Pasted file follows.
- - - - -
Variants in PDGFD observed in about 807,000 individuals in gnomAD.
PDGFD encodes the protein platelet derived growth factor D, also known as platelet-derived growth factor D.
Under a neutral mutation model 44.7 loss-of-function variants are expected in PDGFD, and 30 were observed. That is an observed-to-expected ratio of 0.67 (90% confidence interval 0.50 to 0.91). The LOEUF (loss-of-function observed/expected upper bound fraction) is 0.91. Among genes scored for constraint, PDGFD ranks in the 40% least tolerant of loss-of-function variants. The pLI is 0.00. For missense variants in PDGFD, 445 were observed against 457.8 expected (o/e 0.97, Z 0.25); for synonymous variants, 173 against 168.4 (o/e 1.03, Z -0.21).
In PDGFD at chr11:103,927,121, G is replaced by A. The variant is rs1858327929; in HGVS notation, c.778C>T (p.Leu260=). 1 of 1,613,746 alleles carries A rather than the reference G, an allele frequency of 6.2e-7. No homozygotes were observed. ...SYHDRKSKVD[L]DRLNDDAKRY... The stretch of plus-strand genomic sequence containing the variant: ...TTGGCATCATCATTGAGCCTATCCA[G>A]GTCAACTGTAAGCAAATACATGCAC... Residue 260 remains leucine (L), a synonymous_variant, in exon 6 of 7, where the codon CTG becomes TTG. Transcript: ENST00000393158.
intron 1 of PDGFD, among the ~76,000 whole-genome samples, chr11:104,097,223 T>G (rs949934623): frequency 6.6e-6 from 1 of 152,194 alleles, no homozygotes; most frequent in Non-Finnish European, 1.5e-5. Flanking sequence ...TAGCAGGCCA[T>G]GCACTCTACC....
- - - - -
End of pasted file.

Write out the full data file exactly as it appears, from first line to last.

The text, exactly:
Variants in PDGFD observed in about 807,000 individuals in gnomAD.
PDGFD encodes the protein platelet derived growth factor D, also known as platelet-derived growth factor D.
Under a neutral mutation model 44.7 loss-of-function variants are expected in PDGFD, and 30 were observed. That is an observed-to-expected ratio of 0.67 (90% confidence interval 0.50 to 0.91). The LOEUF (loss-of-function observed/expected upper bound fraction) is 0.91. Among genes scored for constraint, PDGFD ranks in the 40% least tolerant of loss-of-function variants. The pLI is 0.00. For missense variants in PDGFD, 445 were observed against 457.8 expected (o/e 0.97, Z 0.25); for synonymous variants, 173 against 168.4 (o/e 1.03, Z -0.21).
In PDGFD at chr11:103,927,121, G is replaced by A. The variant is rs1858327929; in HGVS notation, c.778C>T (p.Leu260=). 1 of 1,613,746 alleles carries A rather than the reference G, an allele frequency of 6.2e-7. No homozygotes were observed. ...SYHDRKSKVD[L]DRLNDDAKRY... The stretch of plus-strand genomic sequence containing the variant: ...TTGGCATCATCATTGAGCCTATCCA[G>A]GTCAACTGTAAGCAAATACATGCAC... Residue 260 remains leucine (L), a synonymous_variant, in exon 6 of 7, where the codon CTG becomes TTG. Transcript: ENST00000393158.
intron 1 of PDGFD, among the ~76,000 whole-genome samples, chr11:104,097,223 T>G (rs949934623): frequency 6.6e-6 from 1 of 152,194 alleles, no homozygotes; most frequent in Non-Finnish European, 1.5e-5. Flanking sequence ...TAGCAGGCCA[T>G]GCACTCTACC....